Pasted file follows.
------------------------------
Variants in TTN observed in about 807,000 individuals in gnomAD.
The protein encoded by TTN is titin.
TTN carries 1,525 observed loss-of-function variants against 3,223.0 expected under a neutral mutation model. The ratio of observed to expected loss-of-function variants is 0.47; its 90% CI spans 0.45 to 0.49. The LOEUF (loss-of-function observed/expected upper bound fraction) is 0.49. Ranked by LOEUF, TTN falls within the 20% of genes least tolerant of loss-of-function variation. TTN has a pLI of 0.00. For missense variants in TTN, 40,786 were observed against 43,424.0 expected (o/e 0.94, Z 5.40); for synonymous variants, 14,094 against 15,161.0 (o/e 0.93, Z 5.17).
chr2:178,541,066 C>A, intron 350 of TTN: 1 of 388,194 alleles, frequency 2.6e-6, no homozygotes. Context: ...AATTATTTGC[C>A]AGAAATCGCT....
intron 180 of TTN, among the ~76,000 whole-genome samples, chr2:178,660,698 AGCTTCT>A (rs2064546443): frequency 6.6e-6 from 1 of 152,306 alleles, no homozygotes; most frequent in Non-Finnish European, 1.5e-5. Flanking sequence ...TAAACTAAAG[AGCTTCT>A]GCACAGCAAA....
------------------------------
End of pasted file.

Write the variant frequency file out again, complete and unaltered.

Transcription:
Variants in TTN observed in about 807,000 individuals in gnomAD.
The protein encoded by TTN is titin.
TTN carries 1,525 observed loss-of-function variants against 3,223.0 expected under a neutral mutation model. The ratio of observed to expected loss-of-function variants is 0.47; its 90% CI spans 0.45 to 0.49. The LOEUF (loss-of-function observed/expected upper bound fraction) is 0.49. Ranked by LOEUF, TTN falls within the 20% of genes least tolerant of loss-of-function variation. TTN has a pLI of 0.00. For missense variants in TTN, 40,786 were observed against 43,424.0 expected (o/e 0.94, Z 5.40); for synonymous variants, 14,094 against 15,161.0 (o/e 0.93, Z 5.17).
chr2:178,541,066 C>A, intron 350 of TTN: 1 of 388,194 alleles, frequency 2.6e-6, no homozygotes. Context: ...AATTATTTGC[C>A]AGAAATCGCT....
intron 180 of TTN, among the ~76,000 whole-genome samples, chr2:178,660,698 AGCTTCT>A (rs2064546443): frequency 6.6e-6 from 1 of 152,306 alleles, no homozygotes; most frequent in Non-Finnish European, 1.5e-5. Flanking sequence ...TAAACTAAAG[AGCTTCT>A]GCACAGCAAA....